We could then begin the kind of real discussions that an informed democracy requires. Conventional food companies may have wasted some three times the amount of money as their Organic colleagues on this debacle - but I place blame solely on the righteous indignation of the alternative food movement. They let their craving for subversion overtake their reason - and the result was the misdirection of vast amounts of funding that could and should have been put to any number of far more beneficial purposes. 

Tuesday, October 16, 2012

There's Gotta Be a Better Way to Clean Goat Guts!

The sun hadn't yet peered above the horizon - so I could only hear the crashing ocean waves as I walked to meet up with the family of goat butchers I'd met just two days ago. It was 5am; and by the time I arrived - their one goat of the day was already slaughtered and on the fire. I was greeted cheerfully and offered a steaming cup of malagasy coffee.

The malagache; as I believe for most African meat workers - use an open fire to scorch their animal carcasses prior to removing the guts..... it looks just disgusting - but I try to keep my emotions in check as I remember the lessons learned from a dearly departed colleague; Dr. Chris Raines from the Penn State University Meat Sciences Department. Before his tragic car accident just over a year ago - Chris and I had many discussions about the purported benefits of small scale slaughter and meat processing. I had come to him as a wide-eyed cattle farmer hell-bent on developing viable meat processing on a micro-scale.

At first I thought Dr. Raines was 'just another meat scientist in the pocket of industry' - as the narrative goes; but over our more than year long discourse - I came to see his very valid point. It is a point, as well - reflected deeply by some of the latest evolutionary thinking in agricultural development!

What Chris was incredibly adept at, was understanding the trade-offs inherent in the complex adaptive systems that yield our edible meat-stuffs  The scale of operation (e.g. the size of a butchery) is - in many cases - far less important than the management of the operation. Indeed - very few problems are as scale-dependent as the "Local Organic" food movement too frequently touts; most challenges we find in our meat systems simply require the best and most appropriate management for the size of the operation.

I wanted to visit this family-run independent goat butchery because; compared to the larger scale urban meat markets - their potential for hygienic handling seemed orders of magnitude higher. I chatted with the brethren of butchers as they carefully tended their product - it became clear that their care for their work was genuine. Yet - my point is not that these small-scale goat folk are good; and that larger urban meat markets are bad - far from it.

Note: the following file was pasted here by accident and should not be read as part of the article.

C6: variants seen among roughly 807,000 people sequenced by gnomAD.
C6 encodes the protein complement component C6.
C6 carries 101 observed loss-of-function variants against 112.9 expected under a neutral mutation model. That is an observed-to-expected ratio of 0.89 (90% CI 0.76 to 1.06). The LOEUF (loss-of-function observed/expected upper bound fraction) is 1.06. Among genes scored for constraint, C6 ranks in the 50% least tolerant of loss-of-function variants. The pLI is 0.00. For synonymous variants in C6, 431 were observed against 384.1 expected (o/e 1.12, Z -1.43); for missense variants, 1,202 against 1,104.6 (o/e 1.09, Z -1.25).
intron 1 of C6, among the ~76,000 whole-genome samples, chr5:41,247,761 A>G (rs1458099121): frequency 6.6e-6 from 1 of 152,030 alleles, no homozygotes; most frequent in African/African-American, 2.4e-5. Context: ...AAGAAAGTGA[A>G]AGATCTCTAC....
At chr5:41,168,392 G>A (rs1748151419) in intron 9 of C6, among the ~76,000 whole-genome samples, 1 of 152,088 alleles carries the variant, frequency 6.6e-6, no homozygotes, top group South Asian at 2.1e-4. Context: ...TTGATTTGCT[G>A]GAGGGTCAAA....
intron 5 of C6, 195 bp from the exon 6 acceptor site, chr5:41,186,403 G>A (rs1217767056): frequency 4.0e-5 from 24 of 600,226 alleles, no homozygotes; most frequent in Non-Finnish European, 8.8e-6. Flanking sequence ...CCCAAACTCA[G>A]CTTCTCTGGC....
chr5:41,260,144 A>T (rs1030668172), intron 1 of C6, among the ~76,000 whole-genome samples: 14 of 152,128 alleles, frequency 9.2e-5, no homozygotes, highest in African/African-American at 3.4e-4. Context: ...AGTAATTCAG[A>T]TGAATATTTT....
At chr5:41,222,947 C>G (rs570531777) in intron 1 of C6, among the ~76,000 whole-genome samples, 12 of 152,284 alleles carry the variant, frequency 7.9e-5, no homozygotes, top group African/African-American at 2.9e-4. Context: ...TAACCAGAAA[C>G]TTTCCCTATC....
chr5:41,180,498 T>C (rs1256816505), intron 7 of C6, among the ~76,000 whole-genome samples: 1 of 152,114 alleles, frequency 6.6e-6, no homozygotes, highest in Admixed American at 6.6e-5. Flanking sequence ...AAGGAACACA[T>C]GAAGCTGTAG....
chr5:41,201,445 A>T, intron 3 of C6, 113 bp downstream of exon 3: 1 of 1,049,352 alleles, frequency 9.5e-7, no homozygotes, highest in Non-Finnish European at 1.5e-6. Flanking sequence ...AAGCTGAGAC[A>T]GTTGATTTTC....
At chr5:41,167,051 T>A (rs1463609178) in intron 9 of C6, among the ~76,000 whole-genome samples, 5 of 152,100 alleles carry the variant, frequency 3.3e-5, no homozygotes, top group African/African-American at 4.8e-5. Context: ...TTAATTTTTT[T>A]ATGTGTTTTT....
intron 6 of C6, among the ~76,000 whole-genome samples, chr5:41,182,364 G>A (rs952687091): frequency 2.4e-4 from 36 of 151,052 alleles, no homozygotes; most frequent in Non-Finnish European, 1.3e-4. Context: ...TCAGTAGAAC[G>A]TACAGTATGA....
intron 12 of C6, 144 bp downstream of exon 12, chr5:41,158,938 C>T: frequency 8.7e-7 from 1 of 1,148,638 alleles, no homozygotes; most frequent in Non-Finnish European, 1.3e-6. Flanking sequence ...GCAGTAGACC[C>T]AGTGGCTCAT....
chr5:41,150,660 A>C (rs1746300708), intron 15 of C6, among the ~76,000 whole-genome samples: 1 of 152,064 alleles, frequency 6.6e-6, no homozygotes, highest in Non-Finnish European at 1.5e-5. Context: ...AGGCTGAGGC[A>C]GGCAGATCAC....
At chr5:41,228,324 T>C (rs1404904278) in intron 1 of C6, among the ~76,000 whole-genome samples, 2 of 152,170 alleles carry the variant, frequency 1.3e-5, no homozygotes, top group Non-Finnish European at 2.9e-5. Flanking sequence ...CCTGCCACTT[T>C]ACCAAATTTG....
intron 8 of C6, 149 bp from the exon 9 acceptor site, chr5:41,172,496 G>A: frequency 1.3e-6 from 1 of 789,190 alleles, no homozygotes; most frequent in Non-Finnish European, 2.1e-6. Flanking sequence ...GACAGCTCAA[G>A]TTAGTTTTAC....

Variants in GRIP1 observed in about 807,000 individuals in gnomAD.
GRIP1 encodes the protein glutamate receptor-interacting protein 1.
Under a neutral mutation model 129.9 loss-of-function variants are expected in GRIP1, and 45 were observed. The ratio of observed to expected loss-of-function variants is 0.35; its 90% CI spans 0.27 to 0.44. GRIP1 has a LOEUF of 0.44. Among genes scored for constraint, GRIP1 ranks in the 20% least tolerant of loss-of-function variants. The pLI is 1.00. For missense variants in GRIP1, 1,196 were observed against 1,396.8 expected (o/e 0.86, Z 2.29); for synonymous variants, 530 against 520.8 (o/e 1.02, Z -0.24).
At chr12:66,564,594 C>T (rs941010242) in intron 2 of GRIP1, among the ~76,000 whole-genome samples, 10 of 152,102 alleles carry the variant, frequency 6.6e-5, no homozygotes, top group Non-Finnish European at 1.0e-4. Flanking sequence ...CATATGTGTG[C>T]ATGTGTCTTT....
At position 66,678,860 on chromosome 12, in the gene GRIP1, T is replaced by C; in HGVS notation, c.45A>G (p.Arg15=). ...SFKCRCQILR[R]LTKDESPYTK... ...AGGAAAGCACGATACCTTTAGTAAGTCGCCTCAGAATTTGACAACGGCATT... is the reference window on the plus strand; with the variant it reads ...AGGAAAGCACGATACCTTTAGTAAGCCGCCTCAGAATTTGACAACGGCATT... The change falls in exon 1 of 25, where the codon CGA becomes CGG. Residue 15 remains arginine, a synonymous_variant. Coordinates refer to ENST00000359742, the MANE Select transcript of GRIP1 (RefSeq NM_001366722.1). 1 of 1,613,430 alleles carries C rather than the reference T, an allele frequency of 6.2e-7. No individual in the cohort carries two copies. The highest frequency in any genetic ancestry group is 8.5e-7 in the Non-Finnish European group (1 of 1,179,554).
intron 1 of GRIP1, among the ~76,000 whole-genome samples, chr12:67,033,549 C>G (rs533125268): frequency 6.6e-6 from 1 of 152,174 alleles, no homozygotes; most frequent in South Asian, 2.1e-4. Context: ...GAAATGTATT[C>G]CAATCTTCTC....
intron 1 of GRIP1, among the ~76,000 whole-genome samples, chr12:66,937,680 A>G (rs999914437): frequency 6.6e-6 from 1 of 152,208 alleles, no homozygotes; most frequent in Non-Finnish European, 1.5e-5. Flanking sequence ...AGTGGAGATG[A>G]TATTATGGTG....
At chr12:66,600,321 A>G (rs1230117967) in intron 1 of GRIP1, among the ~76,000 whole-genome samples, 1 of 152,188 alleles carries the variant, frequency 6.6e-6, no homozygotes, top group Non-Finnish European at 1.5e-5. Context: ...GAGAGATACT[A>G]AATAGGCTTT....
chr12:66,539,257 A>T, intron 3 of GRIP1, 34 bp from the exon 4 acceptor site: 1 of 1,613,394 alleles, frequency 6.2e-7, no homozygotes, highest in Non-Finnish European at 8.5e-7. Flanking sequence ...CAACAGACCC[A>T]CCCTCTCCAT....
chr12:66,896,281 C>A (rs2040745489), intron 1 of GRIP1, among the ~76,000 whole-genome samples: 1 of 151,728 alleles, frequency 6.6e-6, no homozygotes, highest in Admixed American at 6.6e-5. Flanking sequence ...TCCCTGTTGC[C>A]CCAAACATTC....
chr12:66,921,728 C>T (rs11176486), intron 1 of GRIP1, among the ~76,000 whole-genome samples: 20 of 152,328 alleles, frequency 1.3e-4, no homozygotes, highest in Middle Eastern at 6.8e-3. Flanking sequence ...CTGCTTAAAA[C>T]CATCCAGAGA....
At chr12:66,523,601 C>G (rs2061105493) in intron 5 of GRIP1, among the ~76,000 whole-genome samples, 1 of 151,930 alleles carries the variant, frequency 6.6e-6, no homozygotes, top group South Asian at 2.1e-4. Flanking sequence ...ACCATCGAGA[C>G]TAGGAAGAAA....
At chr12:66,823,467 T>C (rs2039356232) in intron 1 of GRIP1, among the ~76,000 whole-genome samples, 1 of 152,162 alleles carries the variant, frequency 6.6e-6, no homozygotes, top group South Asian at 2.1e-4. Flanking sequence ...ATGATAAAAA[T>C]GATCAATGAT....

While the eldest brother prepared the carcass for quartering (dividing the whole animal into quarters and ultimately steaks and ground chevre) - the youngest brother took to his thankless task; manually - or should I say orally - cleaning out the goat bowels...... I've been curious about the hand-made charcuterie that abounds in the marketplaces here - but was not quite prepared for this intensely personal practice. Is this practice requisite to small-scale sausage making? What kind of improvements would it take to make it such that this otherwise 'good' butchery didn't require one of it's key workers to kiss goat butt every time they process?

There are aspects of this micro-butchery that make it far better than "the big guys"; but there are also limitations - for whatever systemic reasons - that make it far worse. As R. Ford Denison describes in his latest Darwinian Agriculture - what we must seek in terms of agricultural development is "trade-off free improvements" - improvements to the whole that don't also 'cost' some measure of quality elsewhere in the system. For evolved biological systems, Denison theorises; such trade-off free improvements may be challenging to find (whether through GMOs or Agro-ecology). For evolved socio-economic systems (such as butcheries), I postulate many of us have only begun to look in this direction.

In the great global debates about meat; we should paying less mind to the divisive "big vs. small" narratives - and more attention to matching the scale to the society; and then adapting the management to that scale. Improving meat systems in Madagascar will be no easy feat for anyone; the only clear thing we can say is that cookie cutter one-size-fits-all solutions imported from the west will be unlikely to work whether they are big and efficient or small and artisanal. What is needed is a concerted effort and support for regional butchers to internally and cooperatively search for those trade-off free improvements that may be out there - and start implementing them!